The Mysterious Lake Michigan Triangle
By James Donahue
Like the infamous Bermuda Triangle, where aircraft and ships mysteriously disappear without trace,
Lake Michigan also has a place where an unusual number of unexplained mysteries have occurred.
Some writers have noted these events and are dubbing the area the "Lake Michigan Triangle."
When you search through Great Lakes lore by sifting through the dusty microfilms of old newspaper
files, that area of Lake Michigan indeed offers its share of unsolved mysterious disappearances of men, ships and aircraft.
There have been other strange happenings there as well.
The triangle, if it must have a shape, is said to generally run from Ludington, Michigan, south to
Benton Harbor, west across the lake to Manitowoc, Wisconsin, and back to Ludington. The shape, in my mind, however, might
be more of a distorted rectangle, with one corner stretching south from Manitowoc toward Chicago.
During personal research over the years I have uncovered the following oddities, mostly occurring
in this boxed area of the lake.
Among the strangest of the mysteries was the disappearance of the schooner Thomas Hume, which disappeared
without a trace in a Lake Michigan gale on May 21, 1891, while sailing empty from Chicago to Muskegon, Michigan to pick up
a load of lumber. Seven sailors, including Captain George C. Albrecht, were lost with the ship. Even though the lake was searched
thoroughly, not a stick of lumber or piece of flotsam from a wreck was ever found. Old sailors speculated that the Hume, a
wooden vessel, could not have sunk without some wreckage floating away. To this day, the Hume’s disappearance remains
The wreck of the schooner Rosa Belle and the loss of 11 crew members and passengers, all members of
the Benton Harbor cult House of David, shocked the nation in the fall of 1921. The wreck was discovered on Oct. 30, floating
upside down by the Grand Trunk car ferry Ann Arbor No. 4. The captain of the ferry said it appeared as if the schooner had
been in a collision with another vessel. But no other ship was found to have been in a collision that week. The aft section
was smashed, the cabin was wrenched away from the deck and the ship’s rigging was floating loosely about the hull. The
mystery of what happened to the Rosa Belle was never solved.
Strange too was the fact that it was the second almost identical wreck for the Rosa Belle. The vessel
capsized in the same area and drifted ashore near Grand Haven, Michigan, in August, 1875. Ten crew members were lost. The
wreck was recovered at that time and rebuilt.
In 1937, a ship didn’t disappear but her captain did. Captain George R. Donner, skipper of the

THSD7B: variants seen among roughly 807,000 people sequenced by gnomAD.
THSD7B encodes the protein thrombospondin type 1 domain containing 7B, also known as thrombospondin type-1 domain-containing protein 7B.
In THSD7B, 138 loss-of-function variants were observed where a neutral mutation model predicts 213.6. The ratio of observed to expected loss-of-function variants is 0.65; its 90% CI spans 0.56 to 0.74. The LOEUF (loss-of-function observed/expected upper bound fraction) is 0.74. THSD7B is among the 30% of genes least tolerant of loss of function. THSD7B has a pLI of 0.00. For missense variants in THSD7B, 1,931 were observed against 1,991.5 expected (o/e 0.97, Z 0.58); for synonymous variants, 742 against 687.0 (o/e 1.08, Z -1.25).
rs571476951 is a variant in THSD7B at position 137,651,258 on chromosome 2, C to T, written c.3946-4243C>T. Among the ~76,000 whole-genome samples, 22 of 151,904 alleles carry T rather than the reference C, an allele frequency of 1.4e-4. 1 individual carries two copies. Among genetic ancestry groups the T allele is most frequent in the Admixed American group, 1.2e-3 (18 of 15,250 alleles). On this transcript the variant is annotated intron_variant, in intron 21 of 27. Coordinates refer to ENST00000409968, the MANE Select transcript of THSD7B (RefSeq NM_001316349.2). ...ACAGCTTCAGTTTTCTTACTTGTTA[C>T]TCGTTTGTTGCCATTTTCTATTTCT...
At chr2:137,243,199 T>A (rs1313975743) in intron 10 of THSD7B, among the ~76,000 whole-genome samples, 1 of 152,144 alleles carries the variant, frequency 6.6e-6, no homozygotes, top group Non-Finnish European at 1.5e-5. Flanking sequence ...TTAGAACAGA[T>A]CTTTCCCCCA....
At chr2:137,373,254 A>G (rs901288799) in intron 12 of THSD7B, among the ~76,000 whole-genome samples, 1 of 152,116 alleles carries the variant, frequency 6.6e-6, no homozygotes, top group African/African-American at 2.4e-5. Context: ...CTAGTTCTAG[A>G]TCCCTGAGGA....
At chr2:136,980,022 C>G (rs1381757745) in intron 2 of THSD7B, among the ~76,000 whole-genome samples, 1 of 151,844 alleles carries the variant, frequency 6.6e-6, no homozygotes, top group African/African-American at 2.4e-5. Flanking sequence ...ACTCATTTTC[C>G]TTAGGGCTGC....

freighter O. M. McFarland, retired to his cabin after the vessel cleared the ice-choked Straits of Mackinaw and turned south
through Lake Michigan toward Port Washington. When the steamer neared its destination a crew member went to Donner’s
cabin to summon him, but found the room empty. No trace of Captain Donner was ever found.
At least one aircraft, the Northwestern Airlines flight 2501, flying from New York to Minneapolis,
also went missing over Lake Michigan in that same area. The four-engine DC-4 had 58 occupants aboard when it vanished shortly
before midnight in bad weather. It was last recorded flying over Battle Creek at 3,500 feet. The only trace of the plane was
a blanket with the airline’s logo on it, recovered by the Coast Guard.
Then there was the story of the St. Albins, a steamer that was abandoned by its crew in sinking condition
off Milwaukee on January 30, 1881. Then in late February, fishermen began telling stories about a ghostly steamship floating
without a crew or smoke coming from its stack off the Fox Islands. Was the St. Albins still afloat? How could that happen?
A search of the lake that spring failed to find a trace of the lost ship. What were the fishermen seeing?
In the evening of Nov. 26, 1919, people in southeastern Michigan, northern Indiana, northeastern Illinois
and the southeastern corner of Wisconsin witnessed a brilliant light in the sky over southern Lake Michigan. They said two
large balls of fire fell from the sky into the lake, exploding on impact. This was followed by a deep and prolonged rumbling
and a shaking of the earth. Many thought they witnessed a large meteor that broke up as it entered the Earth’s atmosphere.
But was it that?
Yet another odd aerial phenomenon occurred on July 12, 1883 aboard the tug Mary McLane, as it worked
just off the Chicago harbor. At about 6 p.m. the crew said large blocks of ice, as big as bricks, began falling out of a cloudless
sky. The fall continued for about 30 minutes before it stopped. The ice was large enough to put dents in the wooden deck.
The crew members brought a two-pound chunk of ice ashore with them that night, which they stored in the galley ice box, as
proof that they didn’t make up the story.
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